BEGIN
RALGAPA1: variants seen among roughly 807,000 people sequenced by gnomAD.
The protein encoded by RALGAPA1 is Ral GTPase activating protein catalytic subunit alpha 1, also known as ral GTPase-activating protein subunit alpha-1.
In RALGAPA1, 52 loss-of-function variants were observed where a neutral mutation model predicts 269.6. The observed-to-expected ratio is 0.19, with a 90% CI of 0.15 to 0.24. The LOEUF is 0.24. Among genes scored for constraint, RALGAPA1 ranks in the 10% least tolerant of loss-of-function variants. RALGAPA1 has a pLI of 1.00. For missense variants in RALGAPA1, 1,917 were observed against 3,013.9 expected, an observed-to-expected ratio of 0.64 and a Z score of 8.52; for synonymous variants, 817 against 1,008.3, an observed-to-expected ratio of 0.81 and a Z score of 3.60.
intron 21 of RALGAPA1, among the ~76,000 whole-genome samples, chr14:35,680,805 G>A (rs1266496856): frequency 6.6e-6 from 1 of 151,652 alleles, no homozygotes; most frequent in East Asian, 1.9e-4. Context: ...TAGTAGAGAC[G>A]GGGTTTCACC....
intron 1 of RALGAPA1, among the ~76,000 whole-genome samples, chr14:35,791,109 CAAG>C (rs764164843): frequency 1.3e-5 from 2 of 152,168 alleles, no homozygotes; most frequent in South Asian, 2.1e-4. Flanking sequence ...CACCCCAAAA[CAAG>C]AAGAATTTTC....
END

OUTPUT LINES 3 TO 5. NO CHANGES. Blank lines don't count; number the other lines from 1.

In RALGAPA1, 52 loss-of-function variants were observed where a neutral mutation model predicts 269.6. The observed-to-expected ratio is 0.19, with a 90% CI of 0.15 to 0.24. The LOEUF is 0.24. Among genes scored for constraint, RALGAPA1 ranks in the 10% least tolerant of loss-of-function variants. RALGAPA1 has a pLI of 1.00. For missense variants in RALGAPA1, 1,917 were observed against 3,013.9 expected, an observed-to-expected ratio of 0.64 and a Z score of 8.52; for synonymous variants, 817 against 1,008.3, an observed-to-expected ratio of 0.81 and a Z score of 3.60.
intron 21 of RALGAPA1, among the ~76,000 whole-genome samples, chr14:35,680,805 G>A (rs1266496856): frequency 6.6e-6 from 1 of 151,652 alleles, no homozygotes; most frequent in East Asian, 1.9e-4. Context: ...TAGTAGAGAC[G>A]GGGTTTCACC....
intron 1 of RALGAPA1, among the ~76,000 whole-genome samples, chr14:35,791,109 CAAG>C (rs764164843): frequency 1.3e-5 from 2 of 152,168 alleles, no homozygotes; most frequent in South Asian, 2.1e-4. Flanking sequence ...CACCCCAAAA[CAAG>C]AAGAATTTTC....